So there I was, sat in the gallery, making sure no-one defaced any prints when my walkie talkie hisses into life.
“Leo, can you come to reception please and show someone through to the studio?”
“Okay, I’m on my way.” I replied with the confidence of a man standing on the shoulders of giants, enthusiastic to begin the day and also to interrupt the monotony of sitting on a rather uncomfortable stool in between a corridor of pictures of movie stars on my right and a room of erotica on my left.
I arrive through the push doors at reception much like a cowboy would in a John Wayne movie and announce to the man before me my now liquid-smooth spiel:
“Hi there my name’s Leo, if you’d like to follow me I’ll take you to the studio.”
It might not have been the most engaging or original but I’d now said it to so many people I’d edited out any bumbling or non-essential words and ended up with a potent, if a little dull, sentence which I knew, unfailingly, would have the subject walking through said swinging doors which I was now holding open invitingly.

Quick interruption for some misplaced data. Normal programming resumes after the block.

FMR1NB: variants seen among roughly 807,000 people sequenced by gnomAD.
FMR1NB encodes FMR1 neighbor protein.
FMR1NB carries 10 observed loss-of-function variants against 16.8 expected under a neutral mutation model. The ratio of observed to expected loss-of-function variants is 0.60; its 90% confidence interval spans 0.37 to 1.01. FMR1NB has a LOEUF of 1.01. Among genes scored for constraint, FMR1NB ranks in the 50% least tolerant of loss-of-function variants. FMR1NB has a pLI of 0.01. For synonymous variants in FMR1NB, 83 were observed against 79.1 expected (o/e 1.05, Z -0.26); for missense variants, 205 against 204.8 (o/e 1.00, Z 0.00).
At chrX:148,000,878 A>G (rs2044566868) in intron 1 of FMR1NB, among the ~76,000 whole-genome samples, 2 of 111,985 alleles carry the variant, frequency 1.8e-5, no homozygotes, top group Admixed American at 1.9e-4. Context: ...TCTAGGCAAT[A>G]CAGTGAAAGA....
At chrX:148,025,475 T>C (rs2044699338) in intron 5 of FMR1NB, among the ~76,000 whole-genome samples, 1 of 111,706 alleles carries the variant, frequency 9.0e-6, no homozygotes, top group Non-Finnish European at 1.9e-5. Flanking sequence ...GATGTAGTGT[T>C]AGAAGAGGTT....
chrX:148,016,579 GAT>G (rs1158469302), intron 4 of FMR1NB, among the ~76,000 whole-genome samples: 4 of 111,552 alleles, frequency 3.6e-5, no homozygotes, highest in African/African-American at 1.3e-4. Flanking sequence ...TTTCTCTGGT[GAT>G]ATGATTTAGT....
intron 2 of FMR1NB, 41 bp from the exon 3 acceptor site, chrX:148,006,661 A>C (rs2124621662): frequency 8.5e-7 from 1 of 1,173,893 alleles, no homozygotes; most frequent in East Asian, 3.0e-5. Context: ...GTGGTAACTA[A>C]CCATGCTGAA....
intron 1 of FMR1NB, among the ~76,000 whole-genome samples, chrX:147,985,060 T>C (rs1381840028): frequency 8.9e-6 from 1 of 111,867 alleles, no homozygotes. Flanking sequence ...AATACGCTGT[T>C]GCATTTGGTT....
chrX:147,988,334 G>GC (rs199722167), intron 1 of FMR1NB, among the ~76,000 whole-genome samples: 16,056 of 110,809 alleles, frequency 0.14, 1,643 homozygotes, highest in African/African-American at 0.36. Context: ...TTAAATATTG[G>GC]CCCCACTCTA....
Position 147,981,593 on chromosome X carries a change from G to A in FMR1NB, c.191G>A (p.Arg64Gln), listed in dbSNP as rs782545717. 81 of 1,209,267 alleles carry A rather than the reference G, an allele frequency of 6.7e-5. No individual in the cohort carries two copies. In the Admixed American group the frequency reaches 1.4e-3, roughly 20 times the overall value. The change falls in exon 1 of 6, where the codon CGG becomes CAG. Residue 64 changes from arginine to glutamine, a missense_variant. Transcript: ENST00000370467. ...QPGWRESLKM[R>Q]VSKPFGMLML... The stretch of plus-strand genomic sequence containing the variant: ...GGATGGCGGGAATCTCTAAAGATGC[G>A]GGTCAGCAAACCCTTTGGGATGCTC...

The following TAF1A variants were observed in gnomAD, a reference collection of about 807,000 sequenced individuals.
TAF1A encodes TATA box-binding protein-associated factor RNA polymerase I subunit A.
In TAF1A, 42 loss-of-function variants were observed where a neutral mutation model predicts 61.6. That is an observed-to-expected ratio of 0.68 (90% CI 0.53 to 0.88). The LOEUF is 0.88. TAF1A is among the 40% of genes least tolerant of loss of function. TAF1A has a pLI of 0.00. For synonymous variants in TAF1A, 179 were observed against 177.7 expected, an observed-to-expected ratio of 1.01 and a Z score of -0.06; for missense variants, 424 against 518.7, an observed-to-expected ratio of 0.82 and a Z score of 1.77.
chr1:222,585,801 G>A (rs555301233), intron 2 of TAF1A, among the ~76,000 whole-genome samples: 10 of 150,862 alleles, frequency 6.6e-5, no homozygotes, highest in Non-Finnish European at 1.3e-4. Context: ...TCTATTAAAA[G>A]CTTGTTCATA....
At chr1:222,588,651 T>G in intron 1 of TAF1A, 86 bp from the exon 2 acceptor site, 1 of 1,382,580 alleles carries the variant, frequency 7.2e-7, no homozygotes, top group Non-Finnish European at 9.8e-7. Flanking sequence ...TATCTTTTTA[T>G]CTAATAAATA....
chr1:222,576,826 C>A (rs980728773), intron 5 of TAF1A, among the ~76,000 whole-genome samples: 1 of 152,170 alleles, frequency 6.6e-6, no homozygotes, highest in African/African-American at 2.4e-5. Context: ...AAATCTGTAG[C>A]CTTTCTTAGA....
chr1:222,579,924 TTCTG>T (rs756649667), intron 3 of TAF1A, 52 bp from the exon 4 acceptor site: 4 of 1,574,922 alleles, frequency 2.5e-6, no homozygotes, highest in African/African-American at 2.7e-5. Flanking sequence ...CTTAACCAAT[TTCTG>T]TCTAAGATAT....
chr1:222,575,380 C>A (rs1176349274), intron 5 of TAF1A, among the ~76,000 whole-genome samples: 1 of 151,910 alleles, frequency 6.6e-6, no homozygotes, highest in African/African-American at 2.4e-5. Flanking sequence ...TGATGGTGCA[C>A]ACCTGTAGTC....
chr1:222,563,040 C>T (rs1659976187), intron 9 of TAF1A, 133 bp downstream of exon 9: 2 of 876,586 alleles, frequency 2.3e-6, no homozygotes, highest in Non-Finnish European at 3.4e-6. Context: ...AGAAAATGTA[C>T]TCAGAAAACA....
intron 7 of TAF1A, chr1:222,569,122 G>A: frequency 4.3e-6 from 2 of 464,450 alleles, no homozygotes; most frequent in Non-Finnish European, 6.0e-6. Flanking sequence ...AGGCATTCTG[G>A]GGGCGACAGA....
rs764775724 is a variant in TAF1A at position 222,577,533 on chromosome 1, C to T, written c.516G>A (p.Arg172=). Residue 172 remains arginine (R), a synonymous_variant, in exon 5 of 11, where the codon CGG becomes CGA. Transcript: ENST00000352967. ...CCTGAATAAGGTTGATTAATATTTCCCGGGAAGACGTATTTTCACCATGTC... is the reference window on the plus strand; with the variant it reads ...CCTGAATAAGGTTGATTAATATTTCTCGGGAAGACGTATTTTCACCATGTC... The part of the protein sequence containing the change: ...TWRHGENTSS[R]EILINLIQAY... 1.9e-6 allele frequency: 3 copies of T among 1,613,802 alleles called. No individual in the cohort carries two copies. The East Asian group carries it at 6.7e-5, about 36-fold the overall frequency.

It’s a long walk from the stairs on the Brick Lane side of the old brewery to the studio which was on the Spitalfields side. On the way the more interesting conversation would take place. Often as we’d enter the main gallery people would gasp as they looked at gigantic prints of Kate Moss or crane as they passed a portrait of the Queen herself.
The chap I was showing through at this moment craned not. He was a small, mustachioed chap with high cheek bones and a terribly elegant slim-fitting suit. He strode majestically but quickly and wasn’t as talkative as some.
“What did you say your name was?” I asked, knowing he hadn’t. “Matthew.” “And have you been a fan of Rankin’s work for a long time or were you interested in the exhibition?” He told me he’d known Rankin’s work for a long time.
As we went through yet more swinging doors into the studio I introduced him to the woman producing that day’s shoots. She wrote down the names of people as they came in and noted the time they’d gone into hair and make-up in order to arrange their shoot time.
“Hi, I’ve got someone here to be shot, Matthew…” “Williamson, I’m Matthew Williamson.” I smile blandly telling him that I hope the shoot goes well.
Before I can leave the studio to go back to my movie star/erotica stool, a fellow intern, and fashion student, comes up to me grinning excitedly. “Do you know who that was?!” “What?” “It’s Matthew Williamson!”
It was of course THE Matthew Williamson. World famous fashion designer and owner of his own label.